And the law schools turn out literally thousands of law-review articles every year. Do we have more justice?

I would like Professor Brint to think a moment about higher education's students--a constituency he said precious little about in his essay. Almost 45 million Americans owe on student loans. According to the Federal Reserve Bank, as of this month, total outstanding student-loan indebtedness has reached $1.56 trillion.

Secretary of Education Betsy DeVos gave a speech last November in which she reported that only 1 out of four student debtors (24 percent) are making payments on both principal and interest on their loans.  In fact, she acknowledged, 43 percent of all outstanding student loans are "distressed."

Although academia is a pleasant place for Professor Brint,the federal student-loan program is a train wreck. Millions of people have their loans in deferment, which means they aren't making loan payments while interest accrues on their loan balances. Another 7.4 million are in income-based repayment programs and are making monthly payments so small that their loans are negatively amortizing.

And the disastrous student-loan program is pulling down the small, nonprofit liberal arts colleges, especially in New England the Mid-Atlantic states and the upper Midwest. Legal education has been corrupted by the flow of student-loan money, with bottom-tier law schools turning out lawyers who can't find jobs.

And then there is the for-profit college industry, rife with corruption, fraud, and cronyism. Professor Brint said nothing about that problem.

So is higher education in a Golden Age, Professor Brint? I don't think so.

I close by noting that Professor Brint is a sociology professor. I was once told that sociology is nothing more than the painful enumeration of the obvious. But after reading Brint's essay, I would modify that observation. In fact, sociology is the painful enumeration of the oblivious.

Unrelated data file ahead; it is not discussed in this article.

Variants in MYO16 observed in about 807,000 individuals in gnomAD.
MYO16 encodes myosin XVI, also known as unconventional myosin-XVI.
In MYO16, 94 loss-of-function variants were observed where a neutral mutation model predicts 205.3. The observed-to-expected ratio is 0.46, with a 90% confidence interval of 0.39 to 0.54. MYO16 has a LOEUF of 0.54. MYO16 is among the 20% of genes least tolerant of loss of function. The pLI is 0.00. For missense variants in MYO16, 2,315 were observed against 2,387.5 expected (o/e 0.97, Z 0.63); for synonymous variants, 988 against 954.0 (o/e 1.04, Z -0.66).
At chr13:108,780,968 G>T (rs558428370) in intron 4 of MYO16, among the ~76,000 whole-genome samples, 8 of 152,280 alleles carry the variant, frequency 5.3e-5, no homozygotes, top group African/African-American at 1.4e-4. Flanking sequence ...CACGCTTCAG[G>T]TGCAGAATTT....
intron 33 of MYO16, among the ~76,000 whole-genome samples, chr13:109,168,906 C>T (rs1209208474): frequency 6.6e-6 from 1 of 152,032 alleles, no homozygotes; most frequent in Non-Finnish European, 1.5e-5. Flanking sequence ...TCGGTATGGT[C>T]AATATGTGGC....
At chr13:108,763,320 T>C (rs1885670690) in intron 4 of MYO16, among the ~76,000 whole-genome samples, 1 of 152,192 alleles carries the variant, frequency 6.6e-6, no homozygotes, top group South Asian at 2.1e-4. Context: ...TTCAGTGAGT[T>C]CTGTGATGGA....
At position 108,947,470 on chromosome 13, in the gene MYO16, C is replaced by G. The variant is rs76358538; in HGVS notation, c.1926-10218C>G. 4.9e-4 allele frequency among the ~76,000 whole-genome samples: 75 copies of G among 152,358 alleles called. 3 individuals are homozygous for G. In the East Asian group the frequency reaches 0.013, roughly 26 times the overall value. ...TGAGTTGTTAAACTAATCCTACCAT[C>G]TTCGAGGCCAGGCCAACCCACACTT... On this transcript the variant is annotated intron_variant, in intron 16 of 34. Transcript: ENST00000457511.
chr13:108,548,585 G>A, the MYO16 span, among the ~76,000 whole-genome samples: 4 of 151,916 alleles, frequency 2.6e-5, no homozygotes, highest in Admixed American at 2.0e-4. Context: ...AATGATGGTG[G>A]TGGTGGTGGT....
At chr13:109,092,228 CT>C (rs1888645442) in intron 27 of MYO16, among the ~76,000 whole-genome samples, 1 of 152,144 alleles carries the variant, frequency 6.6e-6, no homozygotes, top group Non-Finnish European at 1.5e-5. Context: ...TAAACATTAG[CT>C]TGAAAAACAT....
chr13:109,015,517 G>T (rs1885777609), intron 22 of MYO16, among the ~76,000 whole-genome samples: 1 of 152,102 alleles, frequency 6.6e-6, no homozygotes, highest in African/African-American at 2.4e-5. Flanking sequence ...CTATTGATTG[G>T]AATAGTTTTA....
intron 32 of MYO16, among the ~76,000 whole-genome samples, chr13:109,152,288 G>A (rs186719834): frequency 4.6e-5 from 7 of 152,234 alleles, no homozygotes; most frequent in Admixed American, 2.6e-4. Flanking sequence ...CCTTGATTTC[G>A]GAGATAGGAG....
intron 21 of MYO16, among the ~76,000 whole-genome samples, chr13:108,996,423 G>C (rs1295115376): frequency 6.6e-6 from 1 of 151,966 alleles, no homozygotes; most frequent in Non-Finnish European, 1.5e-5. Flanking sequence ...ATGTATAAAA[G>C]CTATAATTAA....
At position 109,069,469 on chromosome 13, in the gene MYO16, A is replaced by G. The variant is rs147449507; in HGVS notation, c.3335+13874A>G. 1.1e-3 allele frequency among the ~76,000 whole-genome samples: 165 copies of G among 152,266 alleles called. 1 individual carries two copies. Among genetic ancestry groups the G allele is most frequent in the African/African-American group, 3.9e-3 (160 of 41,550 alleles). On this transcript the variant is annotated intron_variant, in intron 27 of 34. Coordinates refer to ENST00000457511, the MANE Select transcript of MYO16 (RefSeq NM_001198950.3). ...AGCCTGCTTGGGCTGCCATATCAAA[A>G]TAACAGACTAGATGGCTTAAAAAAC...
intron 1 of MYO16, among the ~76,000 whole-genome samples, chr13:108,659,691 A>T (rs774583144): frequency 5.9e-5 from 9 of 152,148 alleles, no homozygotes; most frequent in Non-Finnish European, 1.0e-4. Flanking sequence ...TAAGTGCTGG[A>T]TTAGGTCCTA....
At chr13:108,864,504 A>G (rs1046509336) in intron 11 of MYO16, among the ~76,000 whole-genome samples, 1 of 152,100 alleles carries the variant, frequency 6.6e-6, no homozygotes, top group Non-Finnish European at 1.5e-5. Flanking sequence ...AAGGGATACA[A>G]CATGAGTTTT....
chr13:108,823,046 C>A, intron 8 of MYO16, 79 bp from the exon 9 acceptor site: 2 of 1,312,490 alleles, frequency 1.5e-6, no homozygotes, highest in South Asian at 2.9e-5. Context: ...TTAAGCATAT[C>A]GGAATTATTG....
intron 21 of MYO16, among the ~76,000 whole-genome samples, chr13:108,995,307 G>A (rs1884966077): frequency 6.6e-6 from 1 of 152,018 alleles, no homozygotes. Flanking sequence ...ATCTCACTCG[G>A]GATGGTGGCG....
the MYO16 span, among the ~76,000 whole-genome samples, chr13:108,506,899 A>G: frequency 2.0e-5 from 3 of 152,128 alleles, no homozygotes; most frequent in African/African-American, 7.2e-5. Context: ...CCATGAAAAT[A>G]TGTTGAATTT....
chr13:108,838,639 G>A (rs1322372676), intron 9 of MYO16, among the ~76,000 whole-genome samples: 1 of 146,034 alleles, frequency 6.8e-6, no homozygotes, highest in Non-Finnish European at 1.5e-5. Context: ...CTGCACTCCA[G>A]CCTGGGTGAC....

Professor Steven Brint
Universities are stronger than ever?

Saturday, January 19, 2019

Income-Based Repayment Plans for Student Debtors: Is Betsy DeVos a Slave Trafficker?

To my astonishment, Betsy DeVos, President Trump's Secretary of Education, publicly admitted that the federal student-loan program is a disaster. In a speech she gave last November, DeVos acknowledged that only 1 out of 4 student debtors (24 percent) is making loan payments that cover both principal and interest and that 43 percent of all student loans are in "distress."

Unfortunately, DeVos's Department of Education and its contracted debt collectors are making this crisis worse.  Probably 20 million Americans would be eligible to discharge their student loans in bankruptcy if these loans were treated like any other consumer debt (credit cards, auto loans, etc.) But the Bankruptcy Code's "undue hardship" rule, interpreted harshly by many bankruptcy judges, has pushed millions of distressed student-loan debtors into lifetimes of servitude.

Every few months, however, a bankruptcy judge rules compassionately and sensibly and discharges some student loan debt. There is now a good-sized body of cases that have ruled in student debtors' favor.

You would think the Department of Education would encourage this trend, which would hasten relief to millions of destitute student borrowers. If DOE would endorse the Seventh Circuit's ruling in Krieger, the Eighth Circuit Bankruptcy Appellate Panel's decision in Fern, the Sixth Circuit's ruling in Barrett, the Tenth Circuit's ruling in Polleys, and the Ninth Circuit Bankruptcy Appellate Court's ruling in Roth, we would be moving a big step forward toward granting debt relief to millions of honest but unfortunate student borrowers.